Oh, very-very big! He was poet, he was singer, he was bass player. Most of people couldn’t do this.


Did you have a good time working with Jack Bruce (Cream)? Ginger Baker says that he’s a Dr Jekyll and Mr Hyde kind of person.

(Laughs) I know very well Jack. We had a ball making “Seven Moons”.


Is it possible to work again with Jack Bruce?

Yes, definitely. I would like to work again with Jack. It’s like being in a rocket when you tour with Jack. If we have a good material, like we did in “Seven Moons”, it would be a nice idea to do something together.


You had the strange experience to give guitar lessons to Robert Fripp (King Crimson)!! How was Robert Fripp as a student?

He was very good. He wanted to know how to bring some blues phrasing in his music. But I ‘m not sure how much he used these techniques. He has his own unique style.


On 8th August 1976, you played in Kansas City, along with Jethro Tull, Rory Gallagher and the great Roy Buchanan. I think you were the headliner.  Do you have any memories from that night?

No, I’m sorry, I don’t (laughs). I have done so many shows to jump into this right now.


How much “space” for experimentation there still is in blues rock music? Some say that everything has already been played.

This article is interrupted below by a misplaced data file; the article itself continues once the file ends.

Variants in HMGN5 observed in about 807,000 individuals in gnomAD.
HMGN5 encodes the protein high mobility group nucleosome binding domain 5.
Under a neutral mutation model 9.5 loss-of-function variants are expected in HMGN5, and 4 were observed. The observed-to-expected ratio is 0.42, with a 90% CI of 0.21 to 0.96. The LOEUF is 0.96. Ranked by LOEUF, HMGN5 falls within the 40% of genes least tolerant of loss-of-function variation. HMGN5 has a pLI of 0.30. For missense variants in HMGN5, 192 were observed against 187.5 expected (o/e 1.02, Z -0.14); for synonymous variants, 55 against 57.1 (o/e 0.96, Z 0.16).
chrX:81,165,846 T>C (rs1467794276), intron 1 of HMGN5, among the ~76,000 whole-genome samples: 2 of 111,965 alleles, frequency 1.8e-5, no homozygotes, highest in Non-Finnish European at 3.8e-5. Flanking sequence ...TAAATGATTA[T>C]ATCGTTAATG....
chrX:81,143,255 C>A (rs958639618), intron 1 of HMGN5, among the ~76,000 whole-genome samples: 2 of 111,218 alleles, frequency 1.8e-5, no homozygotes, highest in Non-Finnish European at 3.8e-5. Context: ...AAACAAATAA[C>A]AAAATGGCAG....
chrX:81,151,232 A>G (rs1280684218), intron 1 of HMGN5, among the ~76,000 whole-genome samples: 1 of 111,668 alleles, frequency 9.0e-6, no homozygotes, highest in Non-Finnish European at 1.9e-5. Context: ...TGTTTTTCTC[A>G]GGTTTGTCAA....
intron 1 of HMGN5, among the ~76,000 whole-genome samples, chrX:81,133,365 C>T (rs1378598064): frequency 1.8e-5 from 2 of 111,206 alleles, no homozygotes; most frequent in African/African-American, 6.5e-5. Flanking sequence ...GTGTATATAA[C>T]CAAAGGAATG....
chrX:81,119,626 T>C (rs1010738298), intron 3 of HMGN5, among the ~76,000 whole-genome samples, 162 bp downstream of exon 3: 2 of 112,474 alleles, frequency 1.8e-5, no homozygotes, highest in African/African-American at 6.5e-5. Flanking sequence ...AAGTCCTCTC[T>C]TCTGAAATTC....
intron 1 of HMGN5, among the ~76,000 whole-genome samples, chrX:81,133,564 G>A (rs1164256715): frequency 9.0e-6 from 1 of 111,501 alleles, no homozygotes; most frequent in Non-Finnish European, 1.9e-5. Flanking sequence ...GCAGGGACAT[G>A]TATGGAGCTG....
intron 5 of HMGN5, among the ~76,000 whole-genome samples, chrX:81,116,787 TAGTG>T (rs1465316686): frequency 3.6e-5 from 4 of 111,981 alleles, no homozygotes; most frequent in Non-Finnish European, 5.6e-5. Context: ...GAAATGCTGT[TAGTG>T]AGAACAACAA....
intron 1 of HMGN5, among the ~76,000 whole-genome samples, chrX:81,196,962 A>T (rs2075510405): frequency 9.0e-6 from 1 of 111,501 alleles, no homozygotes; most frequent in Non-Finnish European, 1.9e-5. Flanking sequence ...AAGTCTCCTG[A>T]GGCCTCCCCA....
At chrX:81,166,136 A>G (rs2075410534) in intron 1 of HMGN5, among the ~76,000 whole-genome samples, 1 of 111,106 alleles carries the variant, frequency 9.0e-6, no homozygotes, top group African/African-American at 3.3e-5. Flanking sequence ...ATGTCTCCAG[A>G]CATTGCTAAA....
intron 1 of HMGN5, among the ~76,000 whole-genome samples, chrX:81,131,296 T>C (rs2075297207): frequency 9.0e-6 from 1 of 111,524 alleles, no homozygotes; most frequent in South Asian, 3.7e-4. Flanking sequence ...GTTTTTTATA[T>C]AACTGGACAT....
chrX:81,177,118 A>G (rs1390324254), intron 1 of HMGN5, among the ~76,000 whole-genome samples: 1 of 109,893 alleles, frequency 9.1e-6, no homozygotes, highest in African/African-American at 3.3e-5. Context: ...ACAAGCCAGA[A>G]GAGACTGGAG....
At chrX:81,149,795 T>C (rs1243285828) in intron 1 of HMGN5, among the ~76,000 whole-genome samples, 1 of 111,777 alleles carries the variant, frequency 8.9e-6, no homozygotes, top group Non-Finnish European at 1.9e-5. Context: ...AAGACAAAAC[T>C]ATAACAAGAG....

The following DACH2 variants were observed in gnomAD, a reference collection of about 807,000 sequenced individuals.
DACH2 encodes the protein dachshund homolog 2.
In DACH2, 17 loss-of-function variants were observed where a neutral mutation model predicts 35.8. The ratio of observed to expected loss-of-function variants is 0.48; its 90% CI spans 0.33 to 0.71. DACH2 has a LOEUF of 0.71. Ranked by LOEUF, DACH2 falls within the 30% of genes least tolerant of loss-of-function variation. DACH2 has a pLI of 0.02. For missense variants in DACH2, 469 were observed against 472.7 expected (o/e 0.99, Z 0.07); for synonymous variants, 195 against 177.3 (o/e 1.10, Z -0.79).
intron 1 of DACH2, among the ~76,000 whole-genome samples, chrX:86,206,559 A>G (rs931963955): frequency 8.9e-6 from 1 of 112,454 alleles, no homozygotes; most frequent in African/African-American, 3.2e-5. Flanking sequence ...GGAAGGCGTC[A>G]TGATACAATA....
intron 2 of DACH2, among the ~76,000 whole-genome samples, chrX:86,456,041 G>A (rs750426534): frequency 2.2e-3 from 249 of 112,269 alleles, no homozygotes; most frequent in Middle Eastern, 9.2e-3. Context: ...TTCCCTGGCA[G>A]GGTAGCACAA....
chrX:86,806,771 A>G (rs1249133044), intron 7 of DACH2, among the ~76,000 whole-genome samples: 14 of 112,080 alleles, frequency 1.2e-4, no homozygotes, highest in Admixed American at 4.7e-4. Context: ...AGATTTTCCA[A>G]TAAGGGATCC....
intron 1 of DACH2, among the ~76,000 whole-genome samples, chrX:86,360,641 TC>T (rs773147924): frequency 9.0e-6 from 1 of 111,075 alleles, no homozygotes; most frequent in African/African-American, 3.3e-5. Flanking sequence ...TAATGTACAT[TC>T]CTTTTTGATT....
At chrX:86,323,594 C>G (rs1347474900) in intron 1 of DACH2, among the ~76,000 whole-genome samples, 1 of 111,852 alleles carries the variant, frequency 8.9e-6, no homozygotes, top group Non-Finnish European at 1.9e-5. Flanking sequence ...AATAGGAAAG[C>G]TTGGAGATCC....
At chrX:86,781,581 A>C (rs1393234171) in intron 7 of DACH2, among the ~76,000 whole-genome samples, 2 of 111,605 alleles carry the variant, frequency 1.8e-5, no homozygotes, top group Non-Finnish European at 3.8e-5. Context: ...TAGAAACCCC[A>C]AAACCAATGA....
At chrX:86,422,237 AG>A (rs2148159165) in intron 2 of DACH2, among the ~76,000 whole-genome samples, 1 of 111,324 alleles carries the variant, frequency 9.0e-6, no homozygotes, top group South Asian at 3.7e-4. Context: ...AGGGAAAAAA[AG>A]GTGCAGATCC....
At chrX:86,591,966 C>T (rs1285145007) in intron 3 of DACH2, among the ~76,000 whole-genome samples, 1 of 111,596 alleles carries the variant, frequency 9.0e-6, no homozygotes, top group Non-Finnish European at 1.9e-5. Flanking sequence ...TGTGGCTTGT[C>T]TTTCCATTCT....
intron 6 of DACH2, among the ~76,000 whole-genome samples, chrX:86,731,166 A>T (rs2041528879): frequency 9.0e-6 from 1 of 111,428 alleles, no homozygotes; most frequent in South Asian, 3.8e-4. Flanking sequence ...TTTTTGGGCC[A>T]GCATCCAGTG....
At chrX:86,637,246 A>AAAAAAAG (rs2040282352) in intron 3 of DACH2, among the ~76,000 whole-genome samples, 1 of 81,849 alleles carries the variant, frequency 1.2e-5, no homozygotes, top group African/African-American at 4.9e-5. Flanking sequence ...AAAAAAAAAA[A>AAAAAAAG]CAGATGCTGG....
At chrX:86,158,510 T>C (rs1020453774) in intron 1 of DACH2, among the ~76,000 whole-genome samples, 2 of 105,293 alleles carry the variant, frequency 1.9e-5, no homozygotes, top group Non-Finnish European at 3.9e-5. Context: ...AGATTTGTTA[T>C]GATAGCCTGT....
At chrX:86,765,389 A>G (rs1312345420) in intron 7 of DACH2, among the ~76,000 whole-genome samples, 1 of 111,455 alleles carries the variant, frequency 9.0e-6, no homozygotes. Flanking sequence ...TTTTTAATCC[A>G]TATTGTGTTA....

Yes, I think that there is still some room for new music here. I think some new stuff can be created by some talented musicians nowadays.


What made you to stick to Fender Stratocaster guitar?

I used to play with Gibson, but when I started playing with Strat I was getting mad. I have my own Stratocaster signature model now. I think that’s the perfect guitar for me.


Do you remember any funny/unknown/ unexpected story from the countless hours you spent recording at the legendary Olympic Studios?

You speak about something that happened 35 years ago. I didn’t remember anything particularly interesting story. I recorded there with Procol Harum and I think I did some songs for my solo albums, but that’s all really. I haven’t been so much time there.


Did you expect the tremendous success of Procul Harum’s song, “A Whiter Shade of Pale” in 1967?

No. Not really. It was a surprise. I didn’t expect that a song so different, with a so unusual form, would be so successful among the fans.


What was your first reaction when you learned that John Lennon was a huge fan of “A Whiter Shade of Pale”?